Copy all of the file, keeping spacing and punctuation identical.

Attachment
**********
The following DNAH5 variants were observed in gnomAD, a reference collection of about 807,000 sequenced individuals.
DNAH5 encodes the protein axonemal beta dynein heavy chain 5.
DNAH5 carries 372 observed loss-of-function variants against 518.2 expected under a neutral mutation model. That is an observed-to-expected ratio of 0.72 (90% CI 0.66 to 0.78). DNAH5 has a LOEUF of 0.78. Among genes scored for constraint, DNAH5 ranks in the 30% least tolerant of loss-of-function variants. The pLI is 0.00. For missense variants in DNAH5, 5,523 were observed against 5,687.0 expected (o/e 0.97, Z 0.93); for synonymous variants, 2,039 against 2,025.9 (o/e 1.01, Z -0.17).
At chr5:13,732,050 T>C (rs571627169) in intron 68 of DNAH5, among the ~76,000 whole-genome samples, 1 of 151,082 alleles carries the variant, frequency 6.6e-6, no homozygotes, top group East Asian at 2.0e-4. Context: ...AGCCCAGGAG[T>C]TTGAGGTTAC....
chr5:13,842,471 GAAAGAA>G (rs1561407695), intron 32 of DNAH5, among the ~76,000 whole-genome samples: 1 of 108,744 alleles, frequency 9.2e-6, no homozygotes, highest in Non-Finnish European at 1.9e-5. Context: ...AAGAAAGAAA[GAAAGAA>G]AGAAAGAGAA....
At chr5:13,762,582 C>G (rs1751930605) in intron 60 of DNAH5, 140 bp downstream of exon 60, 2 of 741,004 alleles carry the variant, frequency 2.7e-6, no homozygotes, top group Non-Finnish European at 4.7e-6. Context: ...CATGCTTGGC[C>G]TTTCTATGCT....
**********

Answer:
The following DNAH5 variants were observed in gnomAD, a reference collection of about 807,000 sequenced individuals.
DNAH5 encodes the protein axonemal beta dynein heavy chain 5.
DNAH5 carries 372 observed loss-of-function variants against 518.2 expected under a neutral mutation model. That is an observed-to-expected ratio of 0.72 (90% CI 0.66 to 0.78). DNAH5 has a LOEUF of 0.78. Among genes scored for constraint, DNAH5 ranks in the 30% least tolerant of loss-of-function variants. The pLI is 0.00. For missense variants in DNAH5, 5,523 were observed against 5,687.0 expected (o/e 0.97, Z 0.93); for synonymous variants, 2,039 against 2,025.9 (o/e 1.01, Z -0.17).
At chr5:13,732,050 T>C (rs571627169) in intron 68 of DNAH5, among the ~76,000 whole-genome samples, 1 of 151,082 alleles carries the variant, frequency 6.6e-6, no homozygotes, top group East Asian at 2.0e-4. Context: ...AGCCCAGGAG[T>C]TTGAGGTTAC....
chr5:13,842,471 GAAAGAA>G (rs1561407695), intron 32 of DNAH5, among the ~76,000 whole-genome samples: 1 of 108,744 alleles, frequency 9.2e-6, no homozygotes, highest in Non-Finnish European at 1.9e-5. Context: ...AAGAAAGAAA[GAAAGAA>G]AGAAAGAGAA....
At chr5:13,762,582 C>G (rs1751930605) in intron 60 of DNAH5, 140 bp downstream of exon 60, 2 of 741,004 alleles carry the variant, frequency 2.7e-6, no homozygotes, top group Non-Finnish European at 4.7e-6. Context: ...CATGCTTGGC[C>G]TTTCTATGCT....